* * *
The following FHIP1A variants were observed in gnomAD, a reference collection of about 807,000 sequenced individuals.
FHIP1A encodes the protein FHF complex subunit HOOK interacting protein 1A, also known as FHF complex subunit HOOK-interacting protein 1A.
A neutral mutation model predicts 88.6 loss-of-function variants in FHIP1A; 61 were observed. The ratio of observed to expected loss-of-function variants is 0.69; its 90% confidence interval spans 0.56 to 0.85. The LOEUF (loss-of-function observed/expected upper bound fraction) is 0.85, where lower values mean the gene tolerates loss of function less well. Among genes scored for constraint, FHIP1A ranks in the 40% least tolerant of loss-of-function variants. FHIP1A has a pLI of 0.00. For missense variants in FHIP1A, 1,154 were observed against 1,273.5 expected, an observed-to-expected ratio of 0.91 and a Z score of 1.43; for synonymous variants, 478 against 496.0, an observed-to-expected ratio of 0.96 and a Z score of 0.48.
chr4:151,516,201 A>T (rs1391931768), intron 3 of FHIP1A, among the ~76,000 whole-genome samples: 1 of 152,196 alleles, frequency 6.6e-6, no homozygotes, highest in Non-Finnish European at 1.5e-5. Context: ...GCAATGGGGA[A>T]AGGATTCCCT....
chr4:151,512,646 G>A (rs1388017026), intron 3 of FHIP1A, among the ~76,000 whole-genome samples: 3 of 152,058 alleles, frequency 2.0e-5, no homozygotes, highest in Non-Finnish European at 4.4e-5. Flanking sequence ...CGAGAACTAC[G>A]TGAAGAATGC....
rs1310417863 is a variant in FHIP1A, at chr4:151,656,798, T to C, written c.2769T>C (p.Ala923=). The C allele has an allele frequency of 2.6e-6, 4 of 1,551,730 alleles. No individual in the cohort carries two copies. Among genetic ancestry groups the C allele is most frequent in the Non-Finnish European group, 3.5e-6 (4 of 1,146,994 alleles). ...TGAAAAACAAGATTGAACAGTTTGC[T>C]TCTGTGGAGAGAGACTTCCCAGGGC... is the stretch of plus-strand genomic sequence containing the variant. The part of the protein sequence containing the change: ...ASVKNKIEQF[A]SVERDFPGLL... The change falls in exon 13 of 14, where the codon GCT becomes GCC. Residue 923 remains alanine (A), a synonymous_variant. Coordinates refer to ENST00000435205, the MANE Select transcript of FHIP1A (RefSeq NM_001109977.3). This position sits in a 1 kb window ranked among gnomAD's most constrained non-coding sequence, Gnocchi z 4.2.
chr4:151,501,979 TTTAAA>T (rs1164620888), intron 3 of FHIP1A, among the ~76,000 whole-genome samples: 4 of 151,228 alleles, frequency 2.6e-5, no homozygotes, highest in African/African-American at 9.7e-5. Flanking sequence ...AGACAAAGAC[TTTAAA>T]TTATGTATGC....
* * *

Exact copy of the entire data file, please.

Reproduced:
The following FHIP1A variants were observed in gnomAD, a reference collection of about 807,000 sequenced individuals.
FHIP1A encodes the protein FHF complex subunit HOOK interacting protein 1A, also known as FHF complex subunit HOOK-interacting protein 1A.
A neutral mutation model predicts 88.6 loss-of-function variants in FHIP1A; 61 were observed. The ratio of observed to expected loss-of-function variants is 0.69; its 90% confidence interval spans 0.56 to 0.85. The LOEUF (loss-of-function observed/expected upper bound fraction) is 0.85, where lower values mean the gene tolerates loss of function less well. Among genes scored for constraint, FHIP1A ranks in the 40% least tolerant of loss-of-function variants. FHIP1A has a pLI of 0.00. For missense variants in FHIP1A, 1,154 were observed against 1,273.5 expected, an observed-to-expected ratio of 0.91 and a Z score of 1.43; for synonymous variants, 478 against 496.0, an observed-to-expected ratio of 0.96 and a Z score of 0.48.
chr4:151,516,201 A>T (rs1391931768), intron 3 of FHIP1A, among the ~76,000 whole-genome samples: 1 of 152,196 alleles, frequency 6.6e-6, no homozygotes, highest in Non-Finnish European at 1.5e-5. Context: ...GCAATGGGGA[A>T]AGGATTCCCT....
chr4:151,512,646 G>A (rs1388017026), intron 3 of FHIP1A, among the ~76,000 whole-genome samples: 3 of 152,058 alleles, frequency 2.0e-5, no homozygotes, highest in Non-Finnish European at 4.4e-5. Flanking sequence ...CGAGAACTAC[G>A]TGAAGAATGC....
rs1310417863 is a variant in FHIP1A, at chr4:151,656,798, T to C, written c.2769T>C (p.Ala923=). The C allele has an allele frequency of 2.6e-6, 4 of 1,551,730 alleles. No individual in the cohort carries two copies. Among genetic ancestry groups the C allele is most frequent in the Non-Finnish European group, 3.5e-6 (4 of 1,146,994 alleles). ...TGAAAAACAAGATTGAACAGTTTGC[T>C]TCTGTGGAGAGAGACTTCCCAGGGC... is the stretch of plus-strand genomic sequence containing the variant. The part of the protein sequence containing the change: ...ASVKNKIEQF[A]SVERDFPGLL... The change falls in exon 13 of 14, where the codon GCT becomes GCC. Residue 923 remains alanine (A), a synonymous_variant. Coordinates refer to ENST00000435205, the MANE Select transcript of FHIP1A (RefSeq NM_001109977.3). This position sits in a 1 kb window ranked among gnomAD's most constrained non-coding sequence, Gnocchi z 4.2.
chr4:151,501,979 TTTAAA>T (rs1164620888), intron 3 of FHIP1A, among the ~76,000 whole-genome samples: 4 of 151,228 alleles, frequency 2.6e-5, no homozygotes, highest in African/African-American at 9.7e-5. Flanking sequence ...AGACAAAGAC[TTTAAA>T]TTATGTATGC....